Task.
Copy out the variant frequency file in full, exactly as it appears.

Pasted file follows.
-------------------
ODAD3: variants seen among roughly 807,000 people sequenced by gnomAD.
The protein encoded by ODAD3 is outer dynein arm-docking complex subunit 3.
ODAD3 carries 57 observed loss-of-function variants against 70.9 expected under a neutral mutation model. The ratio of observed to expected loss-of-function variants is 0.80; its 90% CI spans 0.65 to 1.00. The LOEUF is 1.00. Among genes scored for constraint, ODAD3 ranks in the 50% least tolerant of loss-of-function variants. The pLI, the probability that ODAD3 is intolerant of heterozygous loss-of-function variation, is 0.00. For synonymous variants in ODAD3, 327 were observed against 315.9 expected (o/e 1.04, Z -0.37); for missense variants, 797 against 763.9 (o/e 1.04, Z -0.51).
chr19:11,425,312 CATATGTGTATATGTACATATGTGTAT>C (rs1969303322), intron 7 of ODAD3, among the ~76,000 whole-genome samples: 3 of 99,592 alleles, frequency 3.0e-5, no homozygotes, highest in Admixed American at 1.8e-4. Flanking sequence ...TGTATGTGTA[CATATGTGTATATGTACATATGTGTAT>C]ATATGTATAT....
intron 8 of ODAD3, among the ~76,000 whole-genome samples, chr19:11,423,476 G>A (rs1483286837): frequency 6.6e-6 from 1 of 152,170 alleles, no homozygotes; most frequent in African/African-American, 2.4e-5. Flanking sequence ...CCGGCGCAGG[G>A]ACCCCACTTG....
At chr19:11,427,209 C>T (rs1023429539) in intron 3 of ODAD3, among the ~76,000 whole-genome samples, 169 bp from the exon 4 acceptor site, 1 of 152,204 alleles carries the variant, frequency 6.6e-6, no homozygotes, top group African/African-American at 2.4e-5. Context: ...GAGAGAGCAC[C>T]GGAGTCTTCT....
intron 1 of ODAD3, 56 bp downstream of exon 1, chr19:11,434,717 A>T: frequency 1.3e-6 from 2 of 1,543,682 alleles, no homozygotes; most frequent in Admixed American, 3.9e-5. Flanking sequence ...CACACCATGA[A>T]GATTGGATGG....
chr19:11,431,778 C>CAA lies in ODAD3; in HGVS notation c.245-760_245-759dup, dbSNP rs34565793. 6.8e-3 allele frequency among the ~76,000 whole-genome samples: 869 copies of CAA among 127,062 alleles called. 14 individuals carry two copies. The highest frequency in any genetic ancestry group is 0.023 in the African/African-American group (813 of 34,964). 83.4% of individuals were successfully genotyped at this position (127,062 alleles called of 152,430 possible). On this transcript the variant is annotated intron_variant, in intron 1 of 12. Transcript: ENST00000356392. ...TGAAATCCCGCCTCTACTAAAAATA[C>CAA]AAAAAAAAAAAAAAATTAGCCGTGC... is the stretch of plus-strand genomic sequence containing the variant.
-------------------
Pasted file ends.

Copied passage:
ODAD3: variants seen among roughly 807,000 people sequenced by gnomAD.
The protein encoded by ODAD3 is outer dynein arm-docking complex subunit 3.
ODAD3 carries 57 observed loss-of-function variants against 70.9 expected under a neutral mutation model. The ratio of observed to expected loss-of-function variants is 0.80; its 90% CI spans 0.65 to 1.00. The LOEUF is 1.00. Among genes scored for constraint, ODAD3 ranks in the 50% least tolerant of loss-of-function variants. The pLI, the probability that ODAD3 is intolerant of heterozygous loss-of-function variation, is 0.00. For synonymous variants in ODAD3, 327 were observed against 315.9 expected (o/e 1.04, Z -0.37); for missense variants, 797 against 763.9 (o/e 1.04, Z -0.51).
chr19:11,425,312 CATATGTGTATATGTACATATGTGTAT>C (rs1969303322), intron 7 of ODAD3, among the ~76,000 whole-genome samples: 3 of 99,592 alleles, frequency 3.0e-5, no homozygotes, highest in Admixed American at 1.8e-4. Flanking sequence ...TGTATGTGTA[CATATGTGTATATGTACATATGTGTAT>C]ATATGTATAT....
intron 8 of ODAD3, among the ~76,000 whole-genome samples, chr19:11,423,476 G>A (rs1483286837): frequency 6.6e-6 from 1 of 152,170 alleles, no homozygotes; most frequent in African/African-American, 2.4e-5. Flanking sequence ...CCGGCGCAGG[G>A]ACCCCACTTG....
At chr19:11,427,209 C>T (rs1023429539) in intron 3 of ODAD3, among the ~76,000 whole-genome samples, 169 bp from the exon 4 acceptor site, 1 of 152,204 alleles carries the variant, frequency 6.6e-6, no homozygotes, top group African/African-American at 2.4e-5. Context: ...GAGAGAGCAC[C>T]GGAGTCTTCT....
intron 1 of ODAD3, 56 bp downstream of exon 1, chr19:11,434,717 A>T: frequency 1.3e-6 from 2 of 1,543,682 alleles, no homozygotes; most frequent in Admixed American, 3.9e-5. Flanking sequence ...CACACCATGA[A>T]GATTGGATGG....
chr19:11,431,778 C>CAA lies in ODAD3; in HGVS notation c.245-760_245-759dup, dbSNP rs34565793. 6.8e-3 allele frequency among the ~76,000 whole-genome samples: 869 copies of CAA among 127,062 alleles called. 14 individuals carry two copies. The highest frequency in any genetic ancestry group is 0.023 in the African/African-American group (813 of 34,964). 83.4% of individuals were successfully genotyped at this position (127,062 alleles called of 152,430 possible). On this transcript the variant is annotated intron_variant, in intron 1 of 12. Transcript: ENST00000356392. ...TGAAATCCCGCCTCTACTAAAAATA[C>CAA]AAAAAAAAAAAAAAATTAGCCGTGC... is the stretch of plus-strand genomic sequence containing the variant.